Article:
COMPANY: Challenge Dairy Products, Inc., Dublin, CA
OPERATION: Wholly-owned subsidiary of California Dairies Inc. is the second-largest U.S. dairy cooperative marketing and distributing dairy products from 400 large family-owned dairies through eight distribution centers. A food manufacturer and distributor with more than 175 employees, Challenge Dairy offers products such as butter, cheeses, milk, eggs, ice cream, mayonnaise, and more.
CHALLENGE: Find an environmentally cleaner, cost-effective alternative to diesel-powered refrigerated trucks.
Challenge Dairy considers itself a pioneer in the dairy industry. It has a history of manufacturing and procedural innovations such as introducing the world's first successful metal butter churn and being the first to ban the use of growth hormones. The company saw a big problem with transport refrigeration units (TRUs) used to transport groceries, produce, dairy items, and many other food products to locations throughout U.S. communities.
Conventional TRUs are generally powered by small diesel engines that produce 10 times greater NOx emissions and 20 times greater particulate matter emissions per gallon of diesel fuel burned compared with chassis engines of today's heavy-duty vehicles.
Businesses, residents, and industry partners throughout California's San Joaquin Valley have invested more than $40 billion in reducing air pollution by more than 85%. "Our company is deeply vested in the valley where our dairy farmers reside and where locals help to make our butter and cream cheese in our facilities," said Tim Anderson, senior vice president of food service and retail at Challenge Dairy.
Fresno County, CA alone in the San Joaquin Valley is home to 1.88 million acres of the world's most productive farmland. So Challenge Dairy sought a more environmentally friendly, sustainable way to transport produce and dairy products that might offer some other benefits besides.
SOLUTION: Implement Rayfrigeration technology from eNow into the fleet.
Challenge Dairy became the first to test out an 1,800-watt solar-powered Rayfrigeration unit from eNow. The San Joaquin Valley Air Pollution Control District funded the initiative through its Technology Advancement Program, which encourages innovation through emission-reduction technologies.
Challenge Dairy had one of its food service distribution trucks with a Johnson refrigerated body equipped with eNow's Rayfrigeration setup. The technology uses cold plates and a lightweight battery system developed by Emerson, and batteries are charged by solar and utility power.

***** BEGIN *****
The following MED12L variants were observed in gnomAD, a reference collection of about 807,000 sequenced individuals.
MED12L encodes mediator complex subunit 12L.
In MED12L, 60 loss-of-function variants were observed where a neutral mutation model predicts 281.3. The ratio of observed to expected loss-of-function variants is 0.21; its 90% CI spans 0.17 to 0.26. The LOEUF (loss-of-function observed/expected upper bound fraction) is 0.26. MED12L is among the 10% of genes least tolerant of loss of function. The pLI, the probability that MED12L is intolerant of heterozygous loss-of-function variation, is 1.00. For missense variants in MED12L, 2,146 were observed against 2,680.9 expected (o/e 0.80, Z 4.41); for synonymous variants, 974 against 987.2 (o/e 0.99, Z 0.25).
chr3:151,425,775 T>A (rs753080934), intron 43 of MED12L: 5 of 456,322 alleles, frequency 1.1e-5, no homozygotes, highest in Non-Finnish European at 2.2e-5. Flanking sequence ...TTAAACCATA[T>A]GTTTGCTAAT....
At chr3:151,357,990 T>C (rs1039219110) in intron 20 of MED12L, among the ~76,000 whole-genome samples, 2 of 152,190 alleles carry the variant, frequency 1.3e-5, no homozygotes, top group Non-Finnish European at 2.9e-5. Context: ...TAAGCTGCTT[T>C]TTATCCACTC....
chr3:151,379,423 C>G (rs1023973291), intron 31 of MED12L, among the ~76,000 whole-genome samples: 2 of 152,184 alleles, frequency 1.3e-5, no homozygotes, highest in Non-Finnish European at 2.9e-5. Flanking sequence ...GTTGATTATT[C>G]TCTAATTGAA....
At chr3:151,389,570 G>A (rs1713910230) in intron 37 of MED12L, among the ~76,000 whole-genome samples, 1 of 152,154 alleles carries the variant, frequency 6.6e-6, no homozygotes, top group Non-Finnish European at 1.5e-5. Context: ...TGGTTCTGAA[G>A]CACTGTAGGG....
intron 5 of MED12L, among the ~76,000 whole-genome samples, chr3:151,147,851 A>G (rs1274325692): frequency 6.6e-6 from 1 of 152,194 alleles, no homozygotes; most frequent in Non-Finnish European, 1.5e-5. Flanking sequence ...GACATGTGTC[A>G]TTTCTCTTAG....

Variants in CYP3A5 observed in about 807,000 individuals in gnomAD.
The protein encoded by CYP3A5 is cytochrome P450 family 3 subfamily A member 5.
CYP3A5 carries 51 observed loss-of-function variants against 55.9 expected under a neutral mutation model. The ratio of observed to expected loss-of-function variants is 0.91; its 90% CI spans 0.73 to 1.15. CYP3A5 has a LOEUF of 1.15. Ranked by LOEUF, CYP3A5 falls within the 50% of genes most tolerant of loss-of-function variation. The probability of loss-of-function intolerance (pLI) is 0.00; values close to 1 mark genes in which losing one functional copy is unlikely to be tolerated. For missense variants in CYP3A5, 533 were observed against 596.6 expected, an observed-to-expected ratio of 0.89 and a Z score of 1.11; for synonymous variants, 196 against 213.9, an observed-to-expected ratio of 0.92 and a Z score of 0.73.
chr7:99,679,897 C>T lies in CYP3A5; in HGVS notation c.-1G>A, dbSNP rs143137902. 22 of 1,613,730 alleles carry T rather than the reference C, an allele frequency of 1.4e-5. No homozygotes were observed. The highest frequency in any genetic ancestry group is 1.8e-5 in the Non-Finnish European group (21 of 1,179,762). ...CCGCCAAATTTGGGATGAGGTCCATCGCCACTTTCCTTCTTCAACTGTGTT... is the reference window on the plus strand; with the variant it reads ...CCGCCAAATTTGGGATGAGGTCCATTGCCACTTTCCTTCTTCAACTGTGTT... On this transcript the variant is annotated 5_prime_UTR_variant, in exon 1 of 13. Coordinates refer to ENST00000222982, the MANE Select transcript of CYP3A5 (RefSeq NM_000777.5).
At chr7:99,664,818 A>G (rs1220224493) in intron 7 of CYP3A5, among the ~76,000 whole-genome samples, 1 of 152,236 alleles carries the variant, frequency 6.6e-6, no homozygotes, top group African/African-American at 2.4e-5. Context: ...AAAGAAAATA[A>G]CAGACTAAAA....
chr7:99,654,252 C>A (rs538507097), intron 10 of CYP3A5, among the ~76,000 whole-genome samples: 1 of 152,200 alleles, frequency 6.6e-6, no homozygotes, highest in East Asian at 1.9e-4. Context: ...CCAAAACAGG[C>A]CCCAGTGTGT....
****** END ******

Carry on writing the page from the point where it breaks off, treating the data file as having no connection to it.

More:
Trucks can be plugged in overnight to charge, while roof-mounted solar photovoltaic panels provide electrical power to the TRU in daylight hours whether delivering product or parked at the depot. The truck's electrical system can also charge the system's batteries while the vehicle engine is operating as a backup option.
"The back of this truck is every bit as cold as a diesel," said Tom Ditto, vice president of food service at Challenge Dairy. The company has been testing the solar-powered TRU since April 2017 and has seen emission reductions of 98% in NOx, 86% in CO2, and 97% in particulate matter.
Beyond the environmental benefits, importantly, fleets can see reduced costs from the system as well. eNow describes its solar-powered reefer units as "powerful, reliable, and highly cost-effective," projecting that it can cut typical operating costs by as much as 90% through lower fuel and maintenance costs and extended battery life.
Though Challenge Dairy tested the solar-supported reefer system on a straight truck with a shorter trailer, eNow has calculated that with a 53-ft. refrigerated trailer, its system uses about 20% as much in electricity expenses compared with fuel costs and racks up about 33% as much in maintenance cost as a diesel-powered unit would.
Over time, that can mean thousands of dollars of savings per truck as well as a much cleaner-running refrigerated truck fleet. After completing a 12-month test period, Challenge Dairy began transitioning its fleet of distribution trucks from diesel to solar-powered TRUs.